Erin O’Toole announces more benefits for veterans and their families

Published On March 17, 2015 | By HN Staff | News
(Simpsonfreak/ WIKICOMMONS)

“If you’re the prime minister it’s a good news day all around. Not only [for] our veterans getting the improved support that they deserve and require, but also the mending of the relationship is certainly ongoing,” said executive director at Wounded Warriors Scott Maxwell (Simpsonfreak/ WIKICOMMONS)

By Shai Williamson

“It’s always a good day when we’re talking about expanded and increased benefits provided to our ill and injured Canadian Armed Forces members and their families,” executive director at Wounded Warriors Canada, Scott Maxwell, told Humber News.

A new benefit to help relieve the challenges facing family caregivers and an expanded access to a monthly financial benefit for veterans are being introduced, veteran affair minister, Erin O’Toole said in an announcement on Tuesday.

“We are making changes to let veterans know that we are listening,” said O’Toole.

“The relationship has been estranged…” – Scott Maxwell, Wounded Warriors Canada, on the relationship between veterans and the conservative government.

The new family caregiver relief benefit includes an annual grant of over $7,000.

Veterans “have families that also suffer and need support when their family member becomes ill or injured and are diagnosed with operational stress injury,” said Maxwell.

The preliminary standing committee of veteran affairs has highlighted a number of issues, he said, but there’s still more that needs to be done.

“That’s where we would like the conversation and the policy direction to move to, and expand to going forward.”

When Maxwell’s high school friend was killed in Afghanistan in 2007, he said that he realized he wasn’t giving the respect that the men and women in uniform deserve.

“It was a very personal point of reflection,” he said.

Prime Minister Stephen Harper demoted the much-criticized former veteran affair minister, Julian Fantino, back in January who was succeeded by O’Toole.

“Will [Fantino] for once do the honourable thing and resign?” NDP leader Thomas Mulcair asked during a question period back in Fall.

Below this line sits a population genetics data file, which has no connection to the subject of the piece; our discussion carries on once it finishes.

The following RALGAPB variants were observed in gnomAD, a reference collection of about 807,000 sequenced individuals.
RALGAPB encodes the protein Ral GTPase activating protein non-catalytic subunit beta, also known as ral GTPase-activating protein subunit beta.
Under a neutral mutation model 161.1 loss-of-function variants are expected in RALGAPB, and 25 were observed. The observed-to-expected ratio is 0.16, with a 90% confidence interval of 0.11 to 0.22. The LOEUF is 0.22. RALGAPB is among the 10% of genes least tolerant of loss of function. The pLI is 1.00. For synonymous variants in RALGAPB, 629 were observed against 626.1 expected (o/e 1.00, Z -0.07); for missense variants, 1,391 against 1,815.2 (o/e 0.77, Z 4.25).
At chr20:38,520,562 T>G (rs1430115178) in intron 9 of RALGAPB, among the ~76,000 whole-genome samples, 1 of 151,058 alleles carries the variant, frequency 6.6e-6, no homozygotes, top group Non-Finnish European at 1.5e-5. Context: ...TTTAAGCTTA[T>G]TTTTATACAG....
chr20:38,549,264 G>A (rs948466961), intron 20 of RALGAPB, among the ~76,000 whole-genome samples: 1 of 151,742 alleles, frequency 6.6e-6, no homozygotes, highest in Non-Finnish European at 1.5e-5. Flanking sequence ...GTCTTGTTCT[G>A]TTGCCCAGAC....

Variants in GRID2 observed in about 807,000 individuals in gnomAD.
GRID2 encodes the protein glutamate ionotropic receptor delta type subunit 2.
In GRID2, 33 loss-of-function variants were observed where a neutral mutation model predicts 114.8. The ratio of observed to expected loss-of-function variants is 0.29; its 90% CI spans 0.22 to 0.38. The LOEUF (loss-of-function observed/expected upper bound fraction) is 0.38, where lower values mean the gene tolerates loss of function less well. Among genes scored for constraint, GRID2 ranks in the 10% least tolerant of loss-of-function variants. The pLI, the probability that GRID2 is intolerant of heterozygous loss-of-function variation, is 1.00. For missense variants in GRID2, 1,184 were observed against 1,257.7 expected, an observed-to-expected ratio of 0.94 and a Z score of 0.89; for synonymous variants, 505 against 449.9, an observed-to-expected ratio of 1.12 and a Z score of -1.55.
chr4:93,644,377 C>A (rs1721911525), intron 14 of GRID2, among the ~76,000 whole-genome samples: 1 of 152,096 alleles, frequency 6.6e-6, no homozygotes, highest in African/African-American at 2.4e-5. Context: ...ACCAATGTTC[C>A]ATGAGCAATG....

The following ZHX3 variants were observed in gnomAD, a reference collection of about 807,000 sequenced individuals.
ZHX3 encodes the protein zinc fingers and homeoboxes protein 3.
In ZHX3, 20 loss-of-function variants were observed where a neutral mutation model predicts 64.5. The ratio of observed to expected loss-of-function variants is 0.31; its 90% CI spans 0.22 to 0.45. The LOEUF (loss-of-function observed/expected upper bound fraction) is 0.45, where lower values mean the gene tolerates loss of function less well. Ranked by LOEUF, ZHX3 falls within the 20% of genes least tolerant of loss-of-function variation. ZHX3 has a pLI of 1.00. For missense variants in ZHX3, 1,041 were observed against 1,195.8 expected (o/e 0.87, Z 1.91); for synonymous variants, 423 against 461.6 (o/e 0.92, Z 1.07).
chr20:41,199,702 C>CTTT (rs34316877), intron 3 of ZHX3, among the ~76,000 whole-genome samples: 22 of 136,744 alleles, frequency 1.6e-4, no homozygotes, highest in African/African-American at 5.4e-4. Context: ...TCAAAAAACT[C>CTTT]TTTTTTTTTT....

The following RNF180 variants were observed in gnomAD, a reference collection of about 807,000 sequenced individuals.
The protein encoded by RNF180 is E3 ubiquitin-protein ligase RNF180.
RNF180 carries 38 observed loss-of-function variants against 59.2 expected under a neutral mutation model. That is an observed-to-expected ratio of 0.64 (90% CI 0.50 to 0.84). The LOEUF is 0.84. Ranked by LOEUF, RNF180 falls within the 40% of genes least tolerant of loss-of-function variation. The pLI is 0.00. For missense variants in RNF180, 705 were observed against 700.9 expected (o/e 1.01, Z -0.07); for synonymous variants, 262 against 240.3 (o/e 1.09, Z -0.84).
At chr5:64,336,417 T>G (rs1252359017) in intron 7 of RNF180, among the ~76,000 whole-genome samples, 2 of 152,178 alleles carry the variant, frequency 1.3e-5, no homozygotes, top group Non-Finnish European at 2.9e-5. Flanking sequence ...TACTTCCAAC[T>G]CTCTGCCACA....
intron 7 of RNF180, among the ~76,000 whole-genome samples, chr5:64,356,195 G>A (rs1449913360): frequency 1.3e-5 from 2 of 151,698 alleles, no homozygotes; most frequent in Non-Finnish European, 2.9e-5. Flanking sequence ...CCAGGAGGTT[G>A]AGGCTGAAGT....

This came after the announcement that the federal government was to provide $200 million over the course of six years to address mental health issues among the members of the Armed Forces.

The announcement garnered mass criticism from veterans partially due to the fact that Fantino’s government had previously returned $1.1 billion in unspent funds to the Treasury since the conservatives came to power in 2006.

“Prime minister fire this failed minister,” said Liberal deputy leader Ralph Goodale.

Even veterans are seeking a call to action from the conservative party, with the sprouting of a campaign called ‘Anyone but Conservatives’ for veterans asking for more support from the government.

“There’s definitely been a conservative support base amongst the veteran population but it’s broad stroking to say that it’s been forever and consistent and unanimous,” said Maxwell.

“The relationship has been estranged given the treatment, tone, level of communication and the lack of willingness [that] has appeared to want to change any of the problems,” he said.

The federal government has been making announcements for the past week and a half about veterans including financial assistance for disabled veterans who are 65 and older, veteran reservists gaining access to the same benefits as full-time members of the Canadian Forces, and promises that veteran amputees will no longer have to verify lost limbs.

O’Toole denied that the changes had anything to do with the upcoming election saying “it doesn’t tie into that at all.”

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